Collection development . . . . . . . . . . . . . .3-7, 28, 31, 35
Communications with GPO. . . . . . .2, 4-7, 11-14, 25, 27, 28, 32
Compact disk maintenance . . . . . . . . . . . . . . . . . . . 20
Complete shipment. . . . . . . . . . . . . . . . . . . . . 10, 11
Computer printout. . . . . . . . . . . . . . . . . . . . . . . .5
Cooperation. . . . . . . . . . . . . . . . . . . . . . .27-29, 33
Cooperative publications . . . . . . . . . . . . . . . . . . . .4
Core collections . . . . . . . . . . . . . . . . . . . . . . . .4
Correction shipping lists. . . . . . . . . . . . . . . 10, 11, 29
Defective copy . . . . . . . . . . . . . . . . . . . . . . . . 13
Defense Mapping Agency . . . . . . . . . . . . . . . . 11, 14, 19
Deletions (Item numbers) . . . . . . . . . . . . . . . . . . 5, 6
Depository Library Inquiry Form. . . . . . 11, 13, 14, 28, 29, 49
Depository termination procedure . . . . . . . . . . . . . . . .2
Designation. . . . . . . . . . . . . . . . . . . . . 1, 2, 31, 33
Direct mail. . . . . . . . . . . . . . . . . . . . 11, 12, 14, 29
Discards . . . . . . . . . . . . . 6, 12-14, 16-18, 20, 31-33, 38
Duplicates . . . . . . . . . . . . . . . . . . . . . . 14, 16, 18
Electronic publications. . . . 10, 14, 17, 18, 20, 24, 26, 32, 42
Electronic shipping lists. . . . . . . . . . . . . . . . . . . 10
Equipment. . . . . . . . . . . . . . . . . . . . . . . 18, 20, 24
Exchange and Gift Division . . . . . . . . . . . . . . . . 17, 18
Fax. . . . . . . . . . . . . . . . . . . . . . . . . . . . 14, 24
Federal Depository Library Manual. . .4, 7, 11-14, 20, 26, 28, 38
Federal Depository Library Programiv, 1-4, 6, 7, 10, 15-17,
                                                 26-28, 31-33, 35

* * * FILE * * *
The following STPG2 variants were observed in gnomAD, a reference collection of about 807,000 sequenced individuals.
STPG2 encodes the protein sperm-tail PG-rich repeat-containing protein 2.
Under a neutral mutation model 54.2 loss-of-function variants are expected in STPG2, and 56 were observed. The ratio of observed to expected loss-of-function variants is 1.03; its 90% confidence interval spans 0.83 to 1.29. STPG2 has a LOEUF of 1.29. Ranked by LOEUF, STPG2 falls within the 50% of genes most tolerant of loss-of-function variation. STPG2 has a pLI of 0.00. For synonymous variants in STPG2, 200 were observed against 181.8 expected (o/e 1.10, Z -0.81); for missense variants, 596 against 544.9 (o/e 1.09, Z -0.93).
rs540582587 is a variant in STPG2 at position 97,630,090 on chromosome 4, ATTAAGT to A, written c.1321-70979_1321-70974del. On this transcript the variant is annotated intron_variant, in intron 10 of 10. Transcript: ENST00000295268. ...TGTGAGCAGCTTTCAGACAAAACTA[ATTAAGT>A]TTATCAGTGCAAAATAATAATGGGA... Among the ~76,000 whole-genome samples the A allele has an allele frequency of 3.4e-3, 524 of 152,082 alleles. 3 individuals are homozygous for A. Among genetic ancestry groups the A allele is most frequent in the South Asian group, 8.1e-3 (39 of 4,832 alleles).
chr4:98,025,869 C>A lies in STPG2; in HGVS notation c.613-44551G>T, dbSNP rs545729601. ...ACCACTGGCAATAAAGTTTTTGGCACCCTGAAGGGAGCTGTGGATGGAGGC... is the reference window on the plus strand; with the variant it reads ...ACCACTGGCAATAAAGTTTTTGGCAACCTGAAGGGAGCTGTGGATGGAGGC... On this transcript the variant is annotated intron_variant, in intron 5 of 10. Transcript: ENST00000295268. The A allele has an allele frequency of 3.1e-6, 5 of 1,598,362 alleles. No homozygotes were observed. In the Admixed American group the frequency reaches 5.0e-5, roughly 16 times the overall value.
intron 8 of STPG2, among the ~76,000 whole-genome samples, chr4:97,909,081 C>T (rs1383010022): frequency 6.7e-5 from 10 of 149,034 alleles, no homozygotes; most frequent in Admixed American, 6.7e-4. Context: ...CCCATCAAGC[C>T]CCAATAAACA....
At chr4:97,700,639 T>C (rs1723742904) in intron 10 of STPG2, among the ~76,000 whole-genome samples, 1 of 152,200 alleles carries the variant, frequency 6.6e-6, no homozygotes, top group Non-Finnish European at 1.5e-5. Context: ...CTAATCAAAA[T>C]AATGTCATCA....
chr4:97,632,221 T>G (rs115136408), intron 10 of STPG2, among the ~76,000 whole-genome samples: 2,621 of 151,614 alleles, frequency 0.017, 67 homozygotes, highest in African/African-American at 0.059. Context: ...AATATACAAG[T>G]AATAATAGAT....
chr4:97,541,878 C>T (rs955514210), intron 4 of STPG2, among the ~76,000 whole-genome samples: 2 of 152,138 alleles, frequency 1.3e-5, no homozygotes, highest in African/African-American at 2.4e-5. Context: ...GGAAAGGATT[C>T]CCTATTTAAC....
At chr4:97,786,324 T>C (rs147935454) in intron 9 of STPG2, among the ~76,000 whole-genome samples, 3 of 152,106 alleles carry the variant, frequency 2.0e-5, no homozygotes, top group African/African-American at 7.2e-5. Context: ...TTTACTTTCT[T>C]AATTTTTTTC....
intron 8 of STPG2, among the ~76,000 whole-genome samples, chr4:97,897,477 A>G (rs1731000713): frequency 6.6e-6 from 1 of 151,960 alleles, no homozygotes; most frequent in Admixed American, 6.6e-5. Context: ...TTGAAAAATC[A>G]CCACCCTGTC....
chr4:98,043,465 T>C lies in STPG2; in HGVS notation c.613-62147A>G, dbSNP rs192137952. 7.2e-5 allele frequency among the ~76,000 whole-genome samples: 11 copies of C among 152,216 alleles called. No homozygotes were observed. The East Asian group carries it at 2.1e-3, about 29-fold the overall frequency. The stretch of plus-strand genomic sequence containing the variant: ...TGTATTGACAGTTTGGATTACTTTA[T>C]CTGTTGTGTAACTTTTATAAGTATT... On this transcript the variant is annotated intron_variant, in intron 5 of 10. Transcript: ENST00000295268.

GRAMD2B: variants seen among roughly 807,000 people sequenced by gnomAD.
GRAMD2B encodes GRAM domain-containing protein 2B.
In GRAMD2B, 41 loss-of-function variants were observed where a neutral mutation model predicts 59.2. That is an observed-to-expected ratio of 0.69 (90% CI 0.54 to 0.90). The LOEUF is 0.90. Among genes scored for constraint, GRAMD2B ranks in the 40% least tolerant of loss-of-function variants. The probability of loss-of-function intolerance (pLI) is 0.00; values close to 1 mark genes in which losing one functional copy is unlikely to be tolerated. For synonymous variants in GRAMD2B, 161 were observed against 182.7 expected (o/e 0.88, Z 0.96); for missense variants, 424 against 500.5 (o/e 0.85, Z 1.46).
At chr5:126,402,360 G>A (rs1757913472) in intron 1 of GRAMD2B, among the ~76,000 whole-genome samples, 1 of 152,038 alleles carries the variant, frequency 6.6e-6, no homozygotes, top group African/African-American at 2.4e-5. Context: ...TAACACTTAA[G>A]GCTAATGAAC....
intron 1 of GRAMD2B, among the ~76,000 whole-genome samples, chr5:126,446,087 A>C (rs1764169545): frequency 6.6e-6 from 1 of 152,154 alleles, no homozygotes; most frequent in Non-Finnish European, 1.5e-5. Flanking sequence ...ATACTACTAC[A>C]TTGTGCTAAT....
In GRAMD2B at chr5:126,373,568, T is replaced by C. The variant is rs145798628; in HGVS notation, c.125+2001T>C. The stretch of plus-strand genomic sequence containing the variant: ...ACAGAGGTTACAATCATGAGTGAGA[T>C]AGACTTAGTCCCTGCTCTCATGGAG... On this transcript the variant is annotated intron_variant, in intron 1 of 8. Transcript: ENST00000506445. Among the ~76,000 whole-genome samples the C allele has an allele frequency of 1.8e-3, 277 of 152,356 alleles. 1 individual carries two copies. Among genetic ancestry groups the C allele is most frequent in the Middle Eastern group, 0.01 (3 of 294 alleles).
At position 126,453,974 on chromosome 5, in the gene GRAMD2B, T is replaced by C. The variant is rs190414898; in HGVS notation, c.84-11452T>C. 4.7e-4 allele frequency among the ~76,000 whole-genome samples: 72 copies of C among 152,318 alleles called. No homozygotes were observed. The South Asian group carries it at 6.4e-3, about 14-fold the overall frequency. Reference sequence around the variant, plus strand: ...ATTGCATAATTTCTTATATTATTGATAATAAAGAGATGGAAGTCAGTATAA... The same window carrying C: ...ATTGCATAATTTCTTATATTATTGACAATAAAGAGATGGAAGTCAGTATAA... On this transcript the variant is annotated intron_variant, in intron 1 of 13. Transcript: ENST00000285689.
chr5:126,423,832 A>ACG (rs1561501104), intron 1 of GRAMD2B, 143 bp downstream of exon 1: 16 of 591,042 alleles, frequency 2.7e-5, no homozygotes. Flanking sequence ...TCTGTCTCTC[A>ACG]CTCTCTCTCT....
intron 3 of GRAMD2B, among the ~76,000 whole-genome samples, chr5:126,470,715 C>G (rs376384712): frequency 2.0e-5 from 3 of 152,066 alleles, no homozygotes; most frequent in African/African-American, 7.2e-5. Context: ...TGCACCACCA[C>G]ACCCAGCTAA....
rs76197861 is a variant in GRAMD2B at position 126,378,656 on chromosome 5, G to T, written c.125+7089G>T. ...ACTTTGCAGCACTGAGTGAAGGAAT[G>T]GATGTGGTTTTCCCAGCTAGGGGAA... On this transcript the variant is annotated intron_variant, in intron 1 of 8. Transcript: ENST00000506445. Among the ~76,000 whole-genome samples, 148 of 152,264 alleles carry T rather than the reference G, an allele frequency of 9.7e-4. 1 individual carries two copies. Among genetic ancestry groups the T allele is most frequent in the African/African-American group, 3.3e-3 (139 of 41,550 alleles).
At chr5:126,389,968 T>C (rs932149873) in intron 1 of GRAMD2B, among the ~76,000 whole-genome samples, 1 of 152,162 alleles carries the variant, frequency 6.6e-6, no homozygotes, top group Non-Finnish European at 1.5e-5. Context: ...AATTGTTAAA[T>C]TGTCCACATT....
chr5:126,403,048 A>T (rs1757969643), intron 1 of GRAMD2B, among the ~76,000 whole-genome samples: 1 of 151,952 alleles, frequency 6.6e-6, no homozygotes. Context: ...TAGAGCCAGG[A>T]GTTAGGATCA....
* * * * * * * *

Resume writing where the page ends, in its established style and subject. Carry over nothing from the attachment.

Federal depository status. . . . . . . . . . . . . . . . . . 1, 2
Five-year retention. . . . . . . . . . . . . . . 6, 9, 17, 18, 31
Floppy disk maintenance. . . . . . . . . . . . . . . . . . . . 20
Free public access . . . . . . . . . . . .iv, 1, 3, 7, 23, 25, 37
Free use . . . . . . . . . . . . . . . . . . . . . . . . . . . iv
Government property. . . . . . . . . .2, 7, 9, 15, 16, 18, 32, 35
GPO Classification Manual. . . . . . . . . . . . . . . . . . . 12
GPO form 3495, Amendment of Selections . . . . . . . . . . .5, 48
GPO form 3794, Depository Library Inquiry Form11, 13, 14, 28, 29,
Guidelines for the Depository Library System . . . . . . . .3, 27
Housing. . . . . . . . . . . . . . . . . . . . . .6, 7, 19-20, 23
Human resources. . . . . . . . . . . . . . . . . . . . . . 21, 36
Index map. . . . . . . . . . . . . . . . . . . . . . . . . . . .9
Inspection . . . . . . . . . . . . . . . . . . . . . . 27, 28, 33
Insuring depository collections. . . . . . . . . . . . . . .15-16
Item number deletion . . . . . . . . . . . . . . . . . . . . 5, 6
Item number selection. . . . . . . . . . . . . . . . . . .3-6, 47
Local cooperation. . . . . . . . . . . . . . . . . . . . . 27, 28
Maintenance. . . . . . . . . . . . . . . . . . iv, 15, 16, 20, 36
Maps . . . . . . . . . . . . . . . . . . . .9, 11, 14, 18, 19, 20
Marking depository materials . . . . . . . . . . . . . . . .9, 35
Memorandum of Agreement (MOA). . . . . . . . . . . .7, 19, 21, 38
Microfiche . . . . . . . . . . . . 10, 14, 15, 17, 19, 24, 32, 41
Natural disaster . . . . . . . . . . . . . . . . . . . . . . . 16